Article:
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Life Quality Assessment

How Do You Know If It is Time?  This is one of the most common questions we get asked.  There are several criteria used in evaluating life quality and you should consider them carefully.  We have passed the following information along to several of our clients and they have found it helpful during this very difficult time.

  • Is your pet eating? Basically, quality life involves eating or at least interest in food. An animal that is hungry has vitality that must be considered, though this is not the only consideration.
  • Is your pet comfortable? The pet should be free of debilitating pains, cramps, aches or even the psychological pain that comes from the development of incontinence in an animal who has been housebroken for an entire life.
  • Does the pet still enjoy favorite activities? The elderly pet does not necessarily need to continue chasing balls or jumping after discs but he should enjoy sleeping comfortably, favorite resting spots, the company of family, etc. You know your pet better than any one and only you can truly answer these questions.

Dr. Alice Villalobos, a veterinarian who started a quality of life program for terminal pets, has published a scoring system for life quality called The HHHHHMM scale.  The letters stand for: Hurt, Hunger, Hydration, Hygiene, Happiness, Mobility, and More Good Days than Bad.

Quality of Life Scale: The HHHHHMM Scale

Pet caregivers can use this Quality of Life Scale to determine
the success of pawspice care. Score patients using a scale of 1 to 10.

Score

Criterion

1-10

HURT - Adequate pain control, including breathing ability, is first and foremost on the scale. Is the pet's pain successfully managed? Is oxygen necessary?

1-10

HUNGER - Is the pet eating enough? Does hand feeding help? Does the patient require a feeding tube?

1-10

HYDRATION - Is the patient dehydrated? For patients not drinking enough, use subcutaneous fluids once or twice daily to supplement fluid intake.

1-10

HYGIENE - The patient should be brushed and cleaned, particularly after elimination. Avoid pressure sores and keep all wounds clean.

1-10

HAPPINESS - Does the pet express joy and interest? Is the pet responsive to things around him or her (family, toys, etc.)? Is the pet depressed, lonely, anxious, bored or afraid? Can the pet's bed be close to the family activities and not be isolated?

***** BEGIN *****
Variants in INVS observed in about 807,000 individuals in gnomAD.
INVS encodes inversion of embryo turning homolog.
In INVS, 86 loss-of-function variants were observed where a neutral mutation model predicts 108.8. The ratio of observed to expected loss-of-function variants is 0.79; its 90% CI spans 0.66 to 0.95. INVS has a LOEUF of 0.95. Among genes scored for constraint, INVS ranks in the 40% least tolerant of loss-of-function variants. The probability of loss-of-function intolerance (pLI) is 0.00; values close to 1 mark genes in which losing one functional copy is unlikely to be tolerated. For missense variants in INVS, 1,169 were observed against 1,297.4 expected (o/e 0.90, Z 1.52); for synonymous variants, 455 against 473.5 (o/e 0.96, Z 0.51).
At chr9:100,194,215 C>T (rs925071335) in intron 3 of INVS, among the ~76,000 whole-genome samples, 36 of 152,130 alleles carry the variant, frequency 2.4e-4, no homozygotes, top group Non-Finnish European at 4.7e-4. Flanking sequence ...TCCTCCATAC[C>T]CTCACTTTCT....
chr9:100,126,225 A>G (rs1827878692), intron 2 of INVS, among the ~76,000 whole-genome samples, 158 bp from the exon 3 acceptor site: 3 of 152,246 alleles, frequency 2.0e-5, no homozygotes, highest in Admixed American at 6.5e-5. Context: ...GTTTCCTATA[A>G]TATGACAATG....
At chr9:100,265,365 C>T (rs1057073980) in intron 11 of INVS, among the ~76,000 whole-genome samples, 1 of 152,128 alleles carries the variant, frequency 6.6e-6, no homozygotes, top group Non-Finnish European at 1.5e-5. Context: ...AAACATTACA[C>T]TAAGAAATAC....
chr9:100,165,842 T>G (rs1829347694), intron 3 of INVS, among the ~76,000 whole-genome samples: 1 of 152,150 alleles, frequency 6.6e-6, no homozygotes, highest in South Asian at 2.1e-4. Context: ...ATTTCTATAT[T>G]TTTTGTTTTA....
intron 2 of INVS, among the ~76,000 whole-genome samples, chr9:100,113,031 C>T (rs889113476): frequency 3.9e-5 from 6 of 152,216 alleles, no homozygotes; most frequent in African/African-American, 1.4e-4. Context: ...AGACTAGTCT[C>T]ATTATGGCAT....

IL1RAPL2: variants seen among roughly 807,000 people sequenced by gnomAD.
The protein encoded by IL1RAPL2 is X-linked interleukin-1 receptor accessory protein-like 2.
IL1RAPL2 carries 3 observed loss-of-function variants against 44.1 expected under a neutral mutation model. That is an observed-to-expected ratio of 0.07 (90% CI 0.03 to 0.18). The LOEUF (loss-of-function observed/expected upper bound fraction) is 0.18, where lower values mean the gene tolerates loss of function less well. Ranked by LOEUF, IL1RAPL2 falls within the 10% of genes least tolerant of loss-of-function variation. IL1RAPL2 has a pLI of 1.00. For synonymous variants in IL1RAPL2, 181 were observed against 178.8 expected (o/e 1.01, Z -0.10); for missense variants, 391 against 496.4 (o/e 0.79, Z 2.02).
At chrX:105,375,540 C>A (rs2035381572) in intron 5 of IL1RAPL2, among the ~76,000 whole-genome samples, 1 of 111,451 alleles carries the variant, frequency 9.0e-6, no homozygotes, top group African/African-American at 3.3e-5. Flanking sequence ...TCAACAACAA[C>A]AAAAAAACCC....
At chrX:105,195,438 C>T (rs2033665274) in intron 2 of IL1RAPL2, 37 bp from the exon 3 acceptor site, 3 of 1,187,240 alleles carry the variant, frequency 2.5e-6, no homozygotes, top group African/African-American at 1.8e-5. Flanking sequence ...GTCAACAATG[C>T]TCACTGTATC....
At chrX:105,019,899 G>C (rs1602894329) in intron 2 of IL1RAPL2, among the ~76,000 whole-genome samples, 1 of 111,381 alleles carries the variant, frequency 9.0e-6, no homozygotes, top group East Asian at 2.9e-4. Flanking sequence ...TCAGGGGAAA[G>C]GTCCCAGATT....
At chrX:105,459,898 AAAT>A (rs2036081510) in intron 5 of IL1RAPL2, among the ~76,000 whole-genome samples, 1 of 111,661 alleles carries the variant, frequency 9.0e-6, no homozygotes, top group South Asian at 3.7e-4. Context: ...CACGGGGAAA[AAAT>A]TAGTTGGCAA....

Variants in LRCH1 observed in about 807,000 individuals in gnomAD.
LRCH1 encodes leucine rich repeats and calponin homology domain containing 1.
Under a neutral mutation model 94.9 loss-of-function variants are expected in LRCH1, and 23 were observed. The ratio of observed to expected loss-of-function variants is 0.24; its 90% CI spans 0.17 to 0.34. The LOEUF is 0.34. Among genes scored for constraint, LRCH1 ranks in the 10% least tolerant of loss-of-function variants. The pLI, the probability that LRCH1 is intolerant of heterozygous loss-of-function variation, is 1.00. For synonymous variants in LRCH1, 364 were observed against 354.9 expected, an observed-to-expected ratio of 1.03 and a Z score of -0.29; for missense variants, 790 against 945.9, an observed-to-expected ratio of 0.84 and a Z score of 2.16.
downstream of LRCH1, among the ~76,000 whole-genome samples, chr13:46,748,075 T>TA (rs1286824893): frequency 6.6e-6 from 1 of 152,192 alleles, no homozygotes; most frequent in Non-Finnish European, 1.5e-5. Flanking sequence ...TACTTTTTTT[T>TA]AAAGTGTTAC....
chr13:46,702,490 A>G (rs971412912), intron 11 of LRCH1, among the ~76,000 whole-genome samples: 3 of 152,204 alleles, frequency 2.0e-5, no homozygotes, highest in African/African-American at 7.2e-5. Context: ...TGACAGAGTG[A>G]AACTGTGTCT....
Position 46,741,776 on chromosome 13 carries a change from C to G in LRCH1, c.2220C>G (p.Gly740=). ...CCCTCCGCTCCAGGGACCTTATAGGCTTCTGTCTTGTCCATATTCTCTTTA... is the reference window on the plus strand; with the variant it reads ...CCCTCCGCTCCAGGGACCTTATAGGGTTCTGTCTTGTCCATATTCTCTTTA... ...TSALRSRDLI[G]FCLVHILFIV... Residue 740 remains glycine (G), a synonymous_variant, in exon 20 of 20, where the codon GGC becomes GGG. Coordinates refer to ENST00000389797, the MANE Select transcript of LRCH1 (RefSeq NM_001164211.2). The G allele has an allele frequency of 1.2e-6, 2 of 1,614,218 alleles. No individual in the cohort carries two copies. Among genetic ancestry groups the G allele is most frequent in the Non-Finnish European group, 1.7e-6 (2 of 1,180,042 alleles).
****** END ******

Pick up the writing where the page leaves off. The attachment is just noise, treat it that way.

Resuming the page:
1-10

MOBILITY - Can the patient get up without assistance? Does the pet need human or mechanical help (e.g., a cart)? Does the pet feel like going for a walk? Is the pet having seizures or stumbling? (Some caregivers feel euthanasia is preferable to amputation, yet an animal who has limited mobility but is still alert and responsive can have a good quality of life as long as caregivers are committed to helping the pet.)

1-10

MORE GOOD DAYS THAN BAD - When bad days outnumber good days, quality of life might be compromised. When a healthy human-animal bond is no longer possible, the caregiver must be made aware the end is near. The decision needs to be made if the pet is suffering. If death comes peacefully and painlessly, that is okay.

*TOTAL

*A total over 35 points represents acceptable life quality

Euthanasia Services

Saying goodbye to your pet is one of the most difficult decisions you may ever make in your life.  Azalea Lakes Veterinary Clinic is committed to making the process as easy as it can be.  We are compassionate, empathetic, and non-judgmental.  As veterinarians, we understand the progression of diseases and the suffering that is usually inevitable.  We will assist you in making the decision that is best for your pet and ultimately for your family.  Euthanasia services include consultation, sedation and humane euthanasia. If you do not have a place for burial, you can have your pet cremated privately and receive the ashes or communally with no ash return.

What to Expect:  Outlined below are a few general things to expect with euthanasia. If you have any questions, special desires, or need any help in your decision-making, please do not hesitate to ask.  If you would like a more detailed description of what the process is like, please email or call us.

The Appointment:  Think about any arrangements you would like to make beforehand, such as family or friends that would like to be present, any special family or religious tributes/ceremonies you would like to have arranged.  Allow other family members and pets in the house to say goodbye before the day of the appointment.

The procedure will be explained to you once the veterinarian arrives, according to your interest level and comfort.  Feel free to ask questions if needed.  Everything will be done at the pace you and your pet dictate.  The actual procedure is quite peaceful.  A sedation injection may be given to relax your pet.  You can remain present through out the entire procedure, leave once your pet is sedated or not be present for any part of the procedure.  It all depends on your comfort level.  You dictate how we do this.  Once you and your pet are ready, the final drug is given, usually in a vein.  It works very rapidly, only seconds in most cases.  The veterinarian will then confirm that your pet has passed on.  After, you may continue to spend as much time as you need with your pet.  A paw print can be made as a memorial keepsake upon your request.

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